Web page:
Out of the Bunker: Hit it and find it

Metro Creative

During the final round of the PGA Championship, Tiger Woods taught us all the importance of hitting fairways.
Or did he?

His final round 64 was a remarkable round. What was even more remarkable, however, is that he hit ZERO fairways on the front nine.

What would you shoot if you hit zero fairways for nine holes?

One of the greatest differences between good players and less than good players is their ability to recover from a poor tee shot.

This is a skill that Woods is greater at than perhaps any other player in the history of the game. You don’t need to be as remarkable as him, but you should focus on improving this aspect of your game.

A poor tee shot should not necessarily lead to a high score. Instead, it creates an opportunity for you to make the proper decision on your next shot.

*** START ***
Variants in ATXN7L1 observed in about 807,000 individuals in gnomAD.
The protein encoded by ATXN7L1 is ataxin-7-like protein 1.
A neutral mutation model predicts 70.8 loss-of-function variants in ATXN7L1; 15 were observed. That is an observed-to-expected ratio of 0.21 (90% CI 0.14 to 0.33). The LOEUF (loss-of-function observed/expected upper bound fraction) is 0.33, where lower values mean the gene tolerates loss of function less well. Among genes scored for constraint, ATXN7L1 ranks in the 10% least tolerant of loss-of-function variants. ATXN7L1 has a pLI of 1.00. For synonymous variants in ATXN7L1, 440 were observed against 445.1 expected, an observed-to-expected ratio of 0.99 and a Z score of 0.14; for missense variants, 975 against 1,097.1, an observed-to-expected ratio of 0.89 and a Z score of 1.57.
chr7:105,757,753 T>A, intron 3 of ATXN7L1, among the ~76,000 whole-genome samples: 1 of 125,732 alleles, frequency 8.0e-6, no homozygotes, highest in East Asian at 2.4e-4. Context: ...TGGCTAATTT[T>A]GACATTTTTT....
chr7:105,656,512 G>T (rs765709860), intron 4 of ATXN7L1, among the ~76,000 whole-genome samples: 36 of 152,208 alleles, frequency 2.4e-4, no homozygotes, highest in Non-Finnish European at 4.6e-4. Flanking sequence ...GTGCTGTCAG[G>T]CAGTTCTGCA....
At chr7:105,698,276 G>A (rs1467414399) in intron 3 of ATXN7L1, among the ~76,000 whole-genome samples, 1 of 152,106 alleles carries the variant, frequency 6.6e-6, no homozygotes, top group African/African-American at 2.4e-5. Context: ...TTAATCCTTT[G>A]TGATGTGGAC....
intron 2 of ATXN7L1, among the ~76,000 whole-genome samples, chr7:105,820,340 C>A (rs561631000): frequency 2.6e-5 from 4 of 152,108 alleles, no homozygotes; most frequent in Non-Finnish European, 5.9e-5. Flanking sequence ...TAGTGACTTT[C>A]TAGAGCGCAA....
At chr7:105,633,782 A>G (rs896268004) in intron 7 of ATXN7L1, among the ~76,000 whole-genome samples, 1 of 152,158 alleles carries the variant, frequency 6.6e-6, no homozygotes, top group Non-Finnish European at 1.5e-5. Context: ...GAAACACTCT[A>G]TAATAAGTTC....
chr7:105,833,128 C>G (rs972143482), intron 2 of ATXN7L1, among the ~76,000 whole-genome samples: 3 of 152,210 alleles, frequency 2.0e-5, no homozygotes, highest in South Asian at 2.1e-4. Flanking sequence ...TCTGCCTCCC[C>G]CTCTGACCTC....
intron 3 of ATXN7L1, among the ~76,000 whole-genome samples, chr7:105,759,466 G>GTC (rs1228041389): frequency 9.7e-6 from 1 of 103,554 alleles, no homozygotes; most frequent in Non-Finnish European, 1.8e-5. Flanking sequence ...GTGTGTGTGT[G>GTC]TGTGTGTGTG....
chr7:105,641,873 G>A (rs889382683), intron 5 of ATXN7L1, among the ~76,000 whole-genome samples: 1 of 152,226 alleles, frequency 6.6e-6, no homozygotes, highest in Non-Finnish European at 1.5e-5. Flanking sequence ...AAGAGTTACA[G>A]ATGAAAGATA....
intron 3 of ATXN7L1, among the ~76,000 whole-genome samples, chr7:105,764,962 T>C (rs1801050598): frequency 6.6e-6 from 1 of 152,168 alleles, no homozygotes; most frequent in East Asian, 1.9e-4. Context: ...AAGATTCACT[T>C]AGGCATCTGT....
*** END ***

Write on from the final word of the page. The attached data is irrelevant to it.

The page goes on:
Learn to recognize those moments when you can risk a miraculous second shot from the trees, versus when to play more conservatively to avoid even greater danger.

Once you learn how to better recover from a poor tee shot, your golf swing will become more fluid and confident from the tee.

The mistake I see most amateur golfers make is a tentative swing from the tee due to their fear of where the ball might end up.

If you watch players on tour, you will notice how aggressive they remain with their swings, even when there is trouble lurking up ahead.

You should do that, too.

The only way you will ever reach your true potential as a golfer is to play without fear from the tee.

If you happen to hit your tee shot into trouble, forget about it and go try to salvage your score on that hole.

You’ll soon start to realize that hitting fairways isn’t always necessary to play a good round of golf.

Just ask Woods.

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